Supreme Court hears oral arguments in Texas abortion ban cases News
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Supreme Court hears oral arguments in Texas abortion ban cases

The Supreme Court heard oral arguments Monday in Whole Woman’s Health v. Jackson and United States v. Texas, two cases concerning a Texas law that effectively bans all abortions after six weeks. The Court agreed to fast-track the two cases after declining to block enforcement of the law, despite being asked to do so by the Department of Justice on behalf of President Biden.

Whole Woman’s Health v. Jackson challenges S.B. 8, which provides for the private enforcement of Texas’s abortion ban, allowing “any person” to bring a civil suit against anyone who “aids or abets” an abortion. During oral arguments, the plaintiffs argued that “Texas delegated enforcement to literally any person anywhere except its own state officials. The only conceivable reason for doing so was to evade federal court review.” The defendants countered that “what [the plaintiffs] really want [is] an injunction against S.B. 8, the law, itself. They can’t receive that because federal courts don’t issue injunctions against laws but against . . . officials enforcing laws.” The plaintiffs criticized S.B. 8 as a law which “weaponized the state court system into a tool that can be used to abrogate constitutional rights.”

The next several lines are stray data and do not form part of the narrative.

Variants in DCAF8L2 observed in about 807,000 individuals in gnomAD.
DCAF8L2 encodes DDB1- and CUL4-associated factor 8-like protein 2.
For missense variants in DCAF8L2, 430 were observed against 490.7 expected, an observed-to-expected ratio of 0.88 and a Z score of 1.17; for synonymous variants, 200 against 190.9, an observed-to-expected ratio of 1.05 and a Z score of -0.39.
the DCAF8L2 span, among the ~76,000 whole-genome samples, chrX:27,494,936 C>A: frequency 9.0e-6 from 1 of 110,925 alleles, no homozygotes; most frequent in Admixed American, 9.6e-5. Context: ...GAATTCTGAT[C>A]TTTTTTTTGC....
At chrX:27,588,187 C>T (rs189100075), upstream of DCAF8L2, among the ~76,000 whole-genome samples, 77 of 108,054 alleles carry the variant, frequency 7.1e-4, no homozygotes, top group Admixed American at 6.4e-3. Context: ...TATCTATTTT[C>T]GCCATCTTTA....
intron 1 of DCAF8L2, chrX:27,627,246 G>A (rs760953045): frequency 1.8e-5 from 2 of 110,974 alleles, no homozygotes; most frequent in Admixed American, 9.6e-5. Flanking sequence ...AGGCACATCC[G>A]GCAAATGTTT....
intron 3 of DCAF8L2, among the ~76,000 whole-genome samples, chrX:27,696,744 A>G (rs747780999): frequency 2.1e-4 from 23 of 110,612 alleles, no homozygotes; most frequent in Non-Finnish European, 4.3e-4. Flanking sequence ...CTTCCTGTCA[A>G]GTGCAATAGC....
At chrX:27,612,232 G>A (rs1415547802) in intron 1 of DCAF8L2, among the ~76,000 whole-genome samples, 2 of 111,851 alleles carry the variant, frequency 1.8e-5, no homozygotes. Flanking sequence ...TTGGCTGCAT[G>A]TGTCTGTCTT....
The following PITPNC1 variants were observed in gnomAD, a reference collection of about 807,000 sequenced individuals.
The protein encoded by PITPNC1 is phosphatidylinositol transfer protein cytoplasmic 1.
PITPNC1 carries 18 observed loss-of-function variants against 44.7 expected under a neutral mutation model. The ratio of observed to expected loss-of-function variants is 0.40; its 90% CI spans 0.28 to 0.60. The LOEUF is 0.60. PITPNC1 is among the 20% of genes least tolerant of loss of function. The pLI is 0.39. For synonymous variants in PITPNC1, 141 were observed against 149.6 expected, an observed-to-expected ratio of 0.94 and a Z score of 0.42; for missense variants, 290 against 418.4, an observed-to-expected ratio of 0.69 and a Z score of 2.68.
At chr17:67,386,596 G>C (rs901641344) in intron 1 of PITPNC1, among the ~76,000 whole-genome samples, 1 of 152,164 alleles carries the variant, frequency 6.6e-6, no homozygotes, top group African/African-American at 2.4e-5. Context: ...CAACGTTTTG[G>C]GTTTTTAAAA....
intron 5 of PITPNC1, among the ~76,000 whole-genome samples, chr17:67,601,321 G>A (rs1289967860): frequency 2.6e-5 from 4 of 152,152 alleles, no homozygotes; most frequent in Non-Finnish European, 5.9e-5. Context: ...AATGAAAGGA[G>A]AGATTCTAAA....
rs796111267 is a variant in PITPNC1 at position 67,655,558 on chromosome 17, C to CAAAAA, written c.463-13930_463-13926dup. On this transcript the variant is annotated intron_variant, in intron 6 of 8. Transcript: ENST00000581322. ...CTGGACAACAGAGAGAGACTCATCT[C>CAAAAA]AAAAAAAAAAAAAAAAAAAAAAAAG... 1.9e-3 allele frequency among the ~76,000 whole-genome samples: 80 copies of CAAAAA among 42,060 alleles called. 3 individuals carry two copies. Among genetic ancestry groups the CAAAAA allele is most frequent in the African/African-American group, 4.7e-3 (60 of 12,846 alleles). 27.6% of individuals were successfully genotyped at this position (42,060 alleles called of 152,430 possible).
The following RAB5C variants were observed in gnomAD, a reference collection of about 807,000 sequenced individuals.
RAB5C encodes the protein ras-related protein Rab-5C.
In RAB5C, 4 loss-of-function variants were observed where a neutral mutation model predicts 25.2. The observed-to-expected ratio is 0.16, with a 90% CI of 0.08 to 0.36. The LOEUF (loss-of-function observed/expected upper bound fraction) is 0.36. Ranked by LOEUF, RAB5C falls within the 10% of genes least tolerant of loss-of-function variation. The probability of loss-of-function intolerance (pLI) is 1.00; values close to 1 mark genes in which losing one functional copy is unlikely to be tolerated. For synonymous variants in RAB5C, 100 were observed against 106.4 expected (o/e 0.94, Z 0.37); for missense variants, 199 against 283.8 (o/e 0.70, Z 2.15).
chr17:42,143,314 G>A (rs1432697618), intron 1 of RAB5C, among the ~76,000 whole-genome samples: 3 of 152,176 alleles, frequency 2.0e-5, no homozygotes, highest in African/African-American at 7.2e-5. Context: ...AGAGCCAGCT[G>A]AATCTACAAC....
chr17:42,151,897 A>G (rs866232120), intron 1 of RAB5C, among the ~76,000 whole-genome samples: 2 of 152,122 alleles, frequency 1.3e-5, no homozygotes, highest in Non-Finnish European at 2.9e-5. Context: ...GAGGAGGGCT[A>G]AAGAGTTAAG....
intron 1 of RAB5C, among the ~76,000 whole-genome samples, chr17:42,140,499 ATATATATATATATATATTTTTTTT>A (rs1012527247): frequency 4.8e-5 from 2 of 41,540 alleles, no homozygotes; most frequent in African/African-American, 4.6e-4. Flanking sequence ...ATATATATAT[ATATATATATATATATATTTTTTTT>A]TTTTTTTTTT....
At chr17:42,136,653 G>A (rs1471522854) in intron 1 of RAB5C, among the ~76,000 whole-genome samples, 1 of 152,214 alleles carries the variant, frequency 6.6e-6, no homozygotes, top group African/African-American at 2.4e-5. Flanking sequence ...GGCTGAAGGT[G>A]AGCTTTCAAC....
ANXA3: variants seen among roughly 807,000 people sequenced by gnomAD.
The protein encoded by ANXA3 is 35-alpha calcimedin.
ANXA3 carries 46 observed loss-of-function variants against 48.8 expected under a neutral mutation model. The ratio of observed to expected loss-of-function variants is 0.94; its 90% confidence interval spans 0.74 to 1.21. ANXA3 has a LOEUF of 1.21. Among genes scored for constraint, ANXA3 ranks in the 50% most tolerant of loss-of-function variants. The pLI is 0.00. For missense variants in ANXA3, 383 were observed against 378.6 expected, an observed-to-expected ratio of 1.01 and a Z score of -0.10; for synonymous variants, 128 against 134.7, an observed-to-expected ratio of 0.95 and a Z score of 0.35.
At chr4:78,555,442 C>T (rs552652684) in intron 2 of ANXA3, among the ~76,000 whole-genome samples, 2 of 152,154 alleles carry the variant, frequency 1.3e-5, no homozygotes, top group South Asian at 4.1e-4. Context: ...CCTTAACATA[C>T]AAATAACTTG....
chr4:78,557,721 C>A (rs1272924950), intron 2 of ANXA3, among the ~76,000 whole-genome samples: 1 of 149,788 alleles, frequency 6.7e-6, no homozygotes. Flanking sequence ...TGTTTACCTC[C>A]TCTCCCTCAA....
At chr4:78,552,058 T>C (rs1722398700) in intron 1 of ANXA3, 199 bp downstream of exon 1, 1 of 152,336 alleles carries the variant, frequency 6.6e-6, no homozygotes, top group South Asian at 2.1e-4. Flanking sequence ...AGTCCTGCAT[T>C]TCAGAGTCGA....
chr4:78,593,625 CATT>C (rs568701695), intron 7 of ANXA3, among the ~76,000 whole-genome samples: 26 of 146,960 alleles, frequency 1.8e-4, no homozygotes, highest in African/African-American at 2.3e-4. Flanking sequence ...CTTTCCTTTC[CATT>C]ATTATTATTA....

United States v. Texas is President Biden’s challenge to S.B. 8, under which the Biden Administration requests reinstatement of a United States District Court for the Western District of Texas judge’s ruling stating that S.B. 8 is unconstitutional. The United States Court of Appeals for the Fifth Circuit suspended the lower court’s ruling, reinstating Texas’s abortion ban. In oral arguments, the plaintiff argued Texas “enacted a law that clearly violates [the Supreme] Court’s precedents” and serves as “a brazen attack on the coordinate branches of the federal government.” The plaintiff also cautioned that refusing to grant the injunction against the enforcement of this law would not only nullify Roe v. Wade and Planned Parenthood v. Casey but would allow other states to do the same. The defendant argued that “no Texas official is a proper defendant in a pre-enforcement challenge to S.B. 8″ due to the make-up of the law and argued that the United States is not a proper plaintiff in the matter. According to the defense, [the United States] cannot claim a sovereign interest in suing to enforce individual rights under Casey, and the remedy it seeks would be completely foreign to traditional equity.”